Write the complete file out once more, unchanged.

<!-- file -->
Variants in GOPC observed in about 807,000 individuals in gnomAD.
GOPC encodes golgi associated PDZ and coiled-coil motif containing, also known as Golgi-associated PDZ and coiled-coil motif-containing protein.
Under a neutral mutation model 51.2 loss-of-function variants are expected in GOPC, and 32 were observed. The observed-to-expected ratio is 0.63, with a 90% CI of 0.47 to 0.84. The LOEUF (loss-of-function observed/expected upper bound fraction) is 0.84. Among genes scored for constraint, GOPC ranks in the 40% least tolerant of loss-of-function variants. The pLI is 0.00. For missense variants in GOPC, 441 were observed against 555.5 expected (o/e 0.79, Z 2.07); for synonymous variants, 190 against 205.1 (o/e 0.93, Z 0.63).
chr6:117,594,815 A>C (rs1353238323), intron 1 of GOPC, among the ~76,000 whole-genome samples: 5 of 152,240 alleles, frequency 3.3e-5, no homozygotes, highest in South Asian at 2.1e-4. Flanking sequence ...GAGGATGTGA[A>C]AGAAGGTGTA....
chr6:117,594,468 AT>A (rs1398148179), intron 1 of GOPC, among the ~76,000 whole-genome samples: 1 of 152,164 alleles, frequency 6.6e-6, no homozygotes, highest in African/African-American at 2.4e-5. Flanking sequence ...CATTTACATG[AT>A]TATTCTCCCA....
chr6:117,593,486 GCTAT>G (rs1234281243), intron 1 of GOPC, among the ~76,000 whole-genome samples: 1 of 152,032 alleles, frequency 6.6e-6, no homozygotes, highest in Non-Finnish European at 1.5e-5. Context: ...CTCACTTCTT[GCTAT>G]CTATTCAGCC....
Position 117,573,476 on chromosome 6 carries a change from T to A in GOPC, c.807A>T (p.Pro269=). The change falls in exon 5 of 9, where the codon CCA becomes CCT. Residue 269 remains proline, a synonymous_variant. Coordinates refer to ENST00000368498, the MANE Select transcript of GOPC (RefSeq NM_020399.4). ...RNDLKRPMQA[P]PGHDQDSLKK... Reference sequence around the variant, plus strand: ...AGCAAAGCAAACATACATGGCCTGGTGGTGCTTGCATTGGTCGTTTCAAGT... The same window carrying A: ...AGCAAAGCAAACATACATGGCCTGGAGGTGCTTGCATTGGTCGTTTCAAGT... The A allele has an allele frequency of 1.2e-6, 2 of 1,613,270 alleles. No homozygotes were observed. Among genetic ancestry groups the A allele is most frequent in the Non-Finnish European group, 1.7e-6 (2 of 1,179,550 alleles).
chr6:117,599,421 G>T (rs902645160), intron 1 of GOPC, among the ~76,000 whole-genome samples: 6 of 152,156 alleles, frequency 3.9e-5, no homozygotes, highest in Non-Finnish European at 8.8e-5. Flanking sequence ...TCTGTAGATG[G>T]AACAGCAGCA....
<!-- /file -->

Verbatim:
Variants in GOPC observed in about 807,000 individuals in gnomAD.
GOPC encodes golgi associated PDZ and coiled-coil motif containing, also known as Golgi-associated PDZ and coiled-coil motif-containing protein.
Under a neutral mutation model 51.2 loss-of-function variants are expected in GOPC, and 32 were observed. The observed-to-expected ratio is 0.63, with a 90% CI of 0.47 to 0.84. The LOEUF (loss-of-function observed/expected upper bound fraction) is 0.84. Among genes scored for constraint, GOPC ranks in the 40% least tolerant of loss-of-function variants. The pLI is 0.00. For missense variants in GOPC, 441 were observed against 555.5 expected (o/e 0.79, Z 2.07); for synonymous variants, 190 against 205.1 (o/e 0.93, Z 0.63).
chr6:117,594,815 A>C (rs1353238323), intron 1 of GOPC, among the ~76,000 whole-genome samples: 5 of 152,240 alleles, frequency 3.3e-5, no homozygotes, highest in South Asian at 2.1e-4. Flanking sequence ...GAGGATGTGA[A>C]AGAAGGTGTA....
chr6:117,594,468 AT>A (rs1398148179), intron 1 of GOPC, among the ~76,000 whole-genome samples: 1 of 152,164 alleles, frequency 6.6e-6, no homozygotes, highest in African/African-American at 2.4e-5. Flanking sequence ...CATTTACATG[AT>A]TATTCTCCCA....
chr6:117,593,486 GCTAT>G (rs1234281243), intron 1 of GOPC, among the ~76,000 whole-genome samples: 1 of 152,032 alleles, frequency 6.6e-6, no homozygotes, highest in Non-Finnish European at 1.5e-5. Context: ...CTCACTTCTT[GCTAT>G]CTATTCAGCC....
Position 117,573,476 on chromosome 6 carries a change from T to A in GOPC, c.807A>T (p.Pro269=). The change falls in exon 5 of 9, where the codon CCA becomes CCT. Residue 269 remains proline, a synonymous_variant. Coordinates refer to ENST00000368498, the MANE Select transcript of GOPC (RefSeq NM_020399.4). ...RNDLKRPMQA[P]PGHDQDSLKK... Reference sequence around the variant, plus strand: ...AGCAAAGCAAACATACATGGCCTGGTGGTGCTTGCATTGGTCGTTTCAAGT... The same window carrying A: ...AGCAAAGCAAACATACATGGCCTGGAGGTGCTTGCATTGGTCGTTTCAAGT... The A allele has an allele frequency of 1.2e-6, 2 of 1,613,270 alleles. No homozygotes were observed. Among genetic ancestry groups the A allele is most frequent in the Non-Finnish European group, 1.7e-6 (2 of 1,179,550 alleles).
chr6:117,599,421 G>T (rs902645160), intron 1 of GOPC, among the ~76,000 whole-genome samples: 6 of 152,156 alleles, frequency 3.9e-5, no homozygotes, highest in Non-Finnish European at 8.8e-5. Flanking sequence ...TCTGTAGATG[G>T]AACAGCAGCA....